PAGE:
BHANDHAVYA NAGAR
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Bhandhavya nagar community got the name because of their inter faith harmony, and their united efforts to build their homes in an AVAS in-situ housing project. Supported by the Rotary Clubs people invested their energies, fought evictions, won legal battles and supported each other to make a success of it.

HOSAKEREHALLI
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Hosakerehalli slum changed to Janashakthinagar layout after the in-situ housing that AVAS had implemented there with people constructing their own homes. 127 families have not only transformed their living conditions but the upward mobility of many of them is a tangible change. AVAS won its second National Habitat Award from HUDCO for this model housing project.

SANYASIKUNTE - 1
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Sanyasikunte 1 and 2 slums have more than 400 plus families living in one of the oldest slum areas in Bangalore. Under the most challenging situations AVAS helped this indigent community to retain its housing rights and establish secure land ownership titles too.

SANYASIKUNTE - 2
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Sanyasikunte 1 and 2 slums have more than 400 plus families living in one of the oldest slum areas in Bangalore. Under the most challenging situations AVAS helped this indigent community to retain its housing rights and establish secure land ownership titles too.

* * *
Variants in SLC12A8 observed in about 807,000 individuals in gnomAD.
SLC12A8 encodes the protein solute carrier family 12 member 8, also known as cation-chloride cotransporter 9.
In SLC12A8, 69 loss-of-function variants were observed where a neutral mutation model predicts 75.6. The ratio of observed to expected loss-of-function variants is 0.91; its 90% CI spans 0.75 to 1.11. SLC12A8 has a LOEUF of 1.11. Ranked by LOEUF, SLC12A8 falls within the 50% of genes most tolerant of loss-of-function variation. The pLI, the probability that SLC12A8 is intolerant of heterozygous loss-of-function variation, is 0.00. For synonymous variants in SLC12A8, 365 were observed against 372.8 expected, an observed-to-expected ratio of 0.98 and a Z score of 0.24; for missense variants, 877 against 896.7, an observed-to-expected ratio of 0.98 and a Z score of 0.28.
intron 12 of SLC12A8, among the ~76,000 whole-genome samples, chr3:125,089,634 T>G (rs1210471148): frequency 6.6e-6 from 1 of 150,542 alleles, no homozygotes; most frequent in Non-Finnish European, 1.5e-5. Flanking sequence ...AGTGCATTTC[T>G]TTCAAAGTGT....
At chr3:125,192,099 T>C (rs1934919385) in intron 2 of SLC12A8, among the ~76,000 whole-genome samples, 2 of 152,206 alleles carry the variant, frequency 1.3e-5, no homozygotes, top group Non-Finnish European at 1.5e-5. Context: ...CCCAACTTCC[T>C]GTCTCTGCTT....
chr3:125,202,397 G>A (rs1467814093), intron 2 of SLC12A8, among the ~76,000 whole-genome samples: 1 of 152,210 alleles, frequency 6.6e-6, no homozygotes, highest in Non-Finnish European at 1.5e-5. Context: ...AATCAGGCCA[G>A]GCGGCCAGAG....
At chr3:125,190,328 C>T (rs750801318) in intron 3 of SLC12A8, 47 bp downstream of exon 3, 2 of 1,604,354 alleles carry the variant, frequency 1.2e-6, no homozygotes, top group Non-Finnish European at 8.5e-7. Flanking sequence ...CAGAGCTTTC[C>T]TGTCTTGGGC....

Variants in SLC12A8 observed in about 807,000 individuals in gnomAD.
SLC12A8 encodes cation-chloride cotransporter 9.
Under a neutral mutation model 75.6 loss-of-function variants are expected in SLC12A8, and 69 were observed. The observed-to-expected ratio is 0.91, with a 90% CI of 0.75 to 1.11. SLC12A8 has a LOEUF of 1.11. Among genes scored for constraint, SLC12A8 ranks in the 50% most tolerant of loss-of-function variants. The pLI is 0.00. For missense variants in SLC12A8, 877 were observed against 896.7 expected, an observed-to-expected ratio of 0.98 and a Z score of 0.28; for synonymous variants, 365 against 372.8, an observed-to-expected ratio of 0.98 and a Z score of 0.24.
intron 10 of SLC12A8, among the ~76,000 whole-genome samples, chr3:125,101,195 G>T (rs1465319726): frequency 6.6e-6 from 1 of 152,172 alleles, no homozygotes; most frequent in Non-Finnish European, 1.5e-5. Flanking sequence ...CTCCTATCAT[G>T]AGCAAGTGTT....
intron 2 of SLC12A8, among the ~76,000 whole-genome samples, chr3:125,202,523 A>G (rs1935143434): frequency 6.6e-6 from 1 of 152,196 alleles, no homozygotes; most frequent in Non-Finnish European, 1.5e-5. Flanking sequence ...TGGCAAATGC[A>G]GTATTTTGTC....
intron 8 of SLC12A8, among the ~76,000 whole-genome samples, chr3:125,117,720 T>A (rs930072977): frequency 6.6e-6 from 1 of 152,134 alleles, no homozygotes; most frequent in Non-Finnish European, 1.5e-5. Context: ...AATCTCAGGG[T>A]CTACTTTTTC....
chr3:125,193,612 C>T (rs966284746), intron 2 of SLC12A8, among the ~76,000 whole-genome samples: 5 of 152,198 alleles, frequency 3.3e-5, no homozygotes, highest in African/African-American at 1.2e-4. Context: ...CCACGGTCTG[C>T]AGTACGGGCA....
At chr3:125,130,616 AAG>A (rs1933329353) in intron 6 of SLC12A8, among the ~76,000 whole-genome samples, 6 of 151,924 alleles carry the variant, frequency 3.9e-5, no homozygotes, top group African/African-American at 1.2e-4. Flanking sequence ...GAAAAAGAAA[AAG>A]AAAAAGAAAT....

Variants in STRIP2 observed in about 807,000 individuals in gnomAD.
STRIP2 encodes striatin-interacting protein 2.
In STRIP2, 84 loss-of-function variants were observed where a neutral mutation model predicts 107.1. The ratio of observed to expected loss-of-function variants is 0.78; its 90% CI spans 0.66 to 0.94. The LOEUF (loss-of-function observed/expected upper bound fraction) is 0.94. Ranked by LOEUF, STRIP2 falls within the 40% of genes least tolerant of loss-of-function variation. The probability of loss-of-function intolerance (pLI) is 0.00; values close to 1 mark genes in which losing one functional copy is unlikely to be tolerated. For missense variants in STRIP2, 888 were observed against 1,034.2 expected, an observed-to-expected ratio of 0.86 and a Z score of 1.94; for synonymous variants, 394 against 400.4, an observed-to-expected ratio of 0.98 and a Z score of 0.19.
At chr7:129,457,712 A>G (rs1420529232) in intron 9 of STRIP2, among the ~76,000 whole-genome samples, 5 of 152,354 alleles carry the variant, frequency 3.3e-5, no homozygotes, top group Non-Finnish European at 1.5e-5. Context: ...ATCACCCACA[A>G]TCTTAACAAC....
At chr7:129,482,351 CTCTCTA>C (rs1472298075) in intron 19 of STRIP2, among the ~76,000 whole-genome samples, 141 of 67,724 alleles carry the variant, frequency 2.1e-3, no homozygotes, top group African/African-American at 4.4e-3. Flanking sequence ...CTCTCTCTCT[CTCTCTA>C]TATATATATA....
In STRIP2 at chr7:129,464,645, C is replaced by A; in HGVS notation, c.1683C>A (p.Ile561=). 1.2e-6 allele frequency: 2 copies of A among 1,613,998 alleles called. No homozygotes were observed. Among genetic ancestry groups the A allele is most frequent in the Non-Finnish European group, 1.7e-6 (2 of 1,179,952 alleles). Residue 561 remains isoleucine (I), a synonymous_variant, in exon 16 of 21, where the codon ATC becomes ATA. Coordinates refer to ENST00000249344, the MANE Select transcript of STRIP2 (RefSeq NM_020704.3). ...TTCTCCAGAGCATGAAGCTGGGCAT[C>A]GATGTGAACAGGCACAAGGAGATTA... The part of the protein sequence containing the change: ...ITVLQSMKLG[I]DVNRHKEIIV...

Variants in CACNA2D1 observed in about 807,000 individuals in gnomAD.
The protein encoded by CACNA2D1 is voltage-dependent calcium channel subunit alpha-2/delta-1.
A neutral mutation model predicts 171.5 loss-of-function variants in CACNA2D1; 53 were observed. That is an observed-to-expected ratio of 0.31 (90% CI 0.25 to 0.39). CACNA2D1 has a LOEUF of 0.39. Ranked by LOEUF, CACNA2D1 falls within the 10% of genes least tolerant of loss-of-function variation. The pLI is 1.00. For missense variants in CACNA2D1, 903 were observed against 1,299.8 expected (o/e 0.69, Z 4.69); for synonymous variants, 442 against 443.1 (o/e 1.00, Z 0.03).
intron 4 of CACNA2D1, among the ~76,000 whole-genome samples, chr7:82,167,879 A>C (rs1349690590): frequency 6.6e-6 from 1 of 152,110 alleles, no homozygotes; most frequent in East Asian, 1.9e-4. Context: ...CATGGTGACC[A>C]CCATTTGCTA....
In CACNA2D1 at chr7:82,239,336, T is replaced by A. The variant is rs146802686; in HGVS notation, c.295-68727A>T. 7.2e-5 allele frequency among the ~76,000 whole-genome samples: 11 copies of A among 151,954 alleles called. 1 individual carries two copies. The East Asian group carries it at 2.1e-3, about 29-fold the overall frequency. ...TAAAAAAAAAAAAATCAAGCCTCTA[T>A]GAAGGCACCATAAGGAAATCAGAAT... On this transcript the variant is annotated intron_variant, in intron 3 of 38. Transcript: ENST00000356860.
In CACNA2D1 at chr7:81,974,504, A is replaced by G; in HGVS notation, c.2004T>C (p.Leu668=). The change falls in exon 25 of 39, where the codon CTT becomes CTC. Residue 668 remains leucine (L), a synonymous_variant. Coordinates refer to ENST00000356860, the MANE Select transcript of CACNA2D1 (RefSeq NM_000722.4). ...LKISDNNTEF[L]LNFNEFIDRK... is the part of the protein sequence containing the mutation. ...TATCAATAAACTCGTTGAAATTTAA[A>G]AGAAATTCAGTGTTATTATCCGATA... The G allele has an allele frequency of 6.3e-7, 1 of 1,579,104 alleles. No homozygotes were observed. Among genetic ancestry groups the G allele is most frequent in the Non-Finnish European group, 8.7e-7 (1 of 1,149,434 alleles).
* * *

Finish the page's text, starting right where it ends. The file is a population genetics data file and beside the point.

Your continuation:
KRISHNAYANPALYA
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Krishnayanpalya slum was organised by KKNSS and Womens Voice. AVAS pieced together the insitu rehousing project and the poor were able to establish their rights to the land they had lived on for years.

KANDAWARA SLUM REHOUSING PROJECT IN PROGRESS

Amongst AVAS’  current insitu housing projects is the one at Kandawara slum near Chikkaballapura town an hours drive from Bangalore. Having been put in transit sheds for over 15 years these families had struggled to establish their land and shelter rights. With AVAS’ intervention 62 families were allotted larger plots and also mobilized for housing action. The project integrates the PMAY housing scheme of the Government of India, the SC/ST support from the State Government, and in addition has  raised support from DRRT and RRK Trusts to fill the gaps in funding requirements.

 

However AVAS seeks your support for this project as there is still a shortfall for each family. If interested to donate please contact us at 98450 81466.